Sitting in the front passenger seat next to Ranger Rika as our first drive got underway, I was trying to understand what was going on with the radio comms between her, Richard and the other rangers out on drive. The language they were speaking was a bamboozling mixture of English, Afrikaans, Zulu and Shangaan, but the gist of what I was hearing was that they were looking for something called a “skankaan”. Skunk? Why would they be looking for a skunk? Rika, who I had an immediate rapport with, just smiled and told me to wait and see. Ok. No problem.

About 20 minutes later we came across a very excited Ranger Richard, who joyfully pointed out that he had found the skankaan before Rika did. It was a male cheetah lying in the long grass of an open veld, also trying to beat the heat. Wow! What a find on our first drive!

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As several thousand frames were going off around it like a mini-blitzkrieg, our cheetah roused itself and in the dimming light began to walk around, taking in its surroundings. Off in the distance was a white rhino and her calf, and just a little further beyond them was a small herd of impala, also known as Bush MacDonalds because of the M-shape of their rear end (and the fact that they are the primary food source for many of the predators).

Rika’s brow furrowed slightly as she started the Land Rover to follow the cheetah. “I think he’s going to hunt down one of those impalas” she said. “Get ready!”

By now it was getting pretty dark and the Nikon D700, while capable of decent low light performance, wasn’t the ideal camera for this task while connected to a huge Sigma 120-300mm f.2.8. I made a decision that I think was probably the right one as we watched the cheetah begin stalking the impala while using the rhinos as cover. I would rather witness the chase with my eyes than try to keep track of a well camouflaged cheetah chasing down an impala at 80km/h.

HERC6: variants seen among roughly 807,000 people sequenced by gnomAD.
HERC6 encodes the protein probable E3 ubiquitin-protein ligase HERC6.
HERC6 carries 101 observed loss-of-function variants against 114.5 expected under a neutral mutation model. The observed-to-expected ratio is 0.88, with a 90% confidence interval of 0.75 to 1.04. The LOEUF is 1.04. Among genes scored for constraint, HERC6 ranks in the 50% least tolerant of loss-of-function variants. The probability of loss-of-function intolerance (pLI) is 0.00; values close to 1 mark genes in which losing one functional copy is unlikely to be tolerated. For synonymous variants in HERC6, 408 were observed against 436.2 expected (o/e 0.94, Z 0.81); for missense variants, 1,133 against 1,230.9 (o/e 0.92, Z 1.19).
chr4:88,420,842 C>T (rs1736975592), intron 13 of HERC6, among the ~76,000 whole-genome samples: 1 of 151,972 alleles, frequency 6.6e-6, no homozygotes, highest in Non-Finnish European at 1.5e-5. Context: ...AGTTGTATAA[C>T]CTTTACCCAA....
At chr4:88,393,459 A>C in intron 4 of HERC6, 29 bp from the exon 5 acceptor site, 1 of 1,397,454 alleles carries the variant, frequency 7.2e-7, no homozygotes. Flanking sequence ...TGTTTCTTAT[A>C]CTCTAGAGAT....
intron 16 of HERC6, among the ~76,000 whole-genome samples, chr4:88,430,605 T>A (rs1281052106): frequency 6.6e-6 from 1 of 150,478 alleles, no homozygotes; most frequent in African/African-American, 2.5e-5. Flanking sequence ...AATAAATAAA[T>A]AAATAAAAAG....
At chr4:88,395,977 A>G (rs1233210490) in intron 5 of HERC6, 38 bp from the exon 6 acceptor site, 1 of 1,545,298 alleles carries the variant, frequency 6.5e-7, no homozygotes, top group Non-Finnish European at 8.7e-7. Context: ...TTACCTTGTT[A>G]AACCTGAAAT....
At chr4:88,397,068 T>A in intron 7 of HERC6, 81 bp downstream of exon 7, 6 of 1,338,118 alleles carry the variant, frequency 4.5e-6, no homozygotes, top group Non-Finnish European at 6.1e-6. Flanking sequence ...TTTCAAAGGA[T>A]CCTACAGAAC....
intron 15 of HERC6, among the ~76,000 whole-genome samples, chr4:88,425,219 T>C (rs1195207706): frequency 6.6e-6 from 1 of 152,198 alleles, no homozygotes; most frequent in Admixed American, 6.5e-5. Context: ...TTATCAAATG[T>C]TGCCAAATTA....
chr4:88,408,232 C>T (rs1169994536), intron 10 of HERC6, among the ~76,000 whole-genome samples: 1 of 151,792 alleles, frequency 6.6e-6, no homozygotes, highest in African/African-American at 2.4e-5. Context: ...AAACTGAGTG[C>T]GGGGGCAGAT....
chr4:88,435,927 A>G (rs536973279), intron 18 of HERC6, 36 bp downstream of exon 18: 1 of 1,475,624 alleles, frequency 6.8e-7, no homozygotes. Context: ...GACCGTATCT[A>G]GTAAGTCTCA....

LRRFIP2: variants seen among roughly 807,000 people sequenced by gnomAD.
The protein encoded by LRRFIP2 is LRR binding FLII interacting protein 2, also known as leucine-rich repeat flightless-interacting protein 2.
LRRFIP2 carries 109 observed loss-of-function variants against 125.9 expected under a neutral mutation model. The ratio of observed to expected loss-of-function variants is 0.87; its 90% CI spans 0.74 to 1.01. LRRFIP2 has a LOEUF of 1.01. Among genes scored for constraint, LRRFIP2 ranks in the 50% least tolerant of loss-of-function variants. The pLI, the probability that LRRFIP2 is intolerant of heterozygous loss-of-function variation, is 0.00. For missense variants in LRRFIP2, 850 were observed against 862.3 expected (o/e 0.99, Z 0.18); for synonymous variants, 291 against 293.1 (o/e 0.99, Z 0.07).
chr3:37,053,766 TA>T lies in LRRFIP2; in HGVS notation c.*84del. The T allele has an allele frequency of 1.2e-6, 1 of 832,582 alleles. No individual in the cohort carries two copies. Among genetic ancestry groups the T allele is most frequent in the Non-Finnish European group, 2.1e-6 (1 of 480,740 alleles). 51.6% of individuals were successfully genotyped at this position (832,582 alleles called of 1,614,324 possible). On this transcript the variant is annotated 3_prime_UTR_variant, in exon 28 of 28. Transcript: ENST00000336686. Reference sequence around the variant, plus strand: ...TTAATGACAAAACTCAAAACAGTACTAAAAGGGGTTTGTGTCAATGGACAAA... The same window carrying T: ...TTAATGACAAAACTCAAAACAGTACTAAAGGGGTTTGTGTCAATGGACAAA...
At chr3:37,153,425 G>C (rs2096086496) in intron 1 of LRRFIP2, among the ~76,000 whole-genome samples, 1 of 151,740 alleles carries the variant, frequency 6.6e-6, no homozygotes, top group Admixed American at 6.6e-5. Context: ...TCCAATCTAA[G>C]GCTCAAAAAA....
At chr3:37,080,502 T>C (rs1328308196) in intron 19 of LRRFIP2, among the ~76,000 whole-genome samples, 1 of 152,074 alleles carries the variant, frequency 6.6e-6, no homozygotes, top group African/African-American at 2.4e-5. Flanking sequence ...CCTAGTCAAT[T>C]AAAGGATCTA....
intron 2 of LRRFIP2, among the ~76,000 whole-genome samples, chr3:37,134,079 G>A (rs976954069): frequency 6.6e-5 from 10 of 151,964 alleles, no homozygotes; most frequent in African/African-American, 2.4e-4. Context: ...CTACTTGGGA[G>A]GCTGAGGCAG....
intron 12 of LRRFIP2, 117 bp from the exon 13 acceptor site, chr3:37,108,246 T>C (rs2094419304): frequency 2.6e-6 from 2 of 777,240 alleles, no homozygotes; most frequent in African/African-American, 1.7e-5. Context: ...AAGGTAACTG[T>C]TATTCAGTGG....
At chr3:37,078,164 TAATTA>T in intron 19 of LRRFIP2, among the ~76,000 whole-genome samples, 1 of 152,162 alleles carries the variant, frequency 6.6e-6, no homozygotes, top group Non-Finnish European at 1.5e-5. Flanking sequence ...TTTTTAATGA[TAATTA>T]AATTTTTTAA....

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What happened next will always stay with me. The cheetah burst into attack and the impala began scattering away helter-skelter across the veld we were on. It was an incredible thing to witness as that animal hit its straps in hot pursuit of its dinner.

He didn’t get his quarry, but in recovery he ran onto some of the scorched ground that the bush fire had left in its wake, making him pop out of the dark surroundings perfectly for one of my favourite shots from that safari.

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Over dinner that night we could barely contain our excitement, many of us suggesting that we may as well go home because it was never going to get better than that. What an introduction to Sabi Sabi!

The next six days went by in a flash. We saw lots of elephants, way too closely for my liking but much to the amusement of Ranger Rika who at one point thought I might need defibrillation as a matriarch passed by closely in front of us. We also experienced a pair of male lions roaring up close as night fell. A lion’s roar is indescribable. It’s almost as if they are doing something to the atmosphere because you can feel a vibration in your chest as they push their sound through the air. According to a book I have about lions their roars can be heard from as far as 3km away and are used to announce themselves as dominant in the area.

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Rika & Richard gave us the time of our lives

By the end of our week in Sabi Sabi we were all elated and had hard drives bursting with thousands of images. It was just an incredible experience that by far exceeded all of our expectations. However, it would be another 2 years before we got to go there again for Safari #3.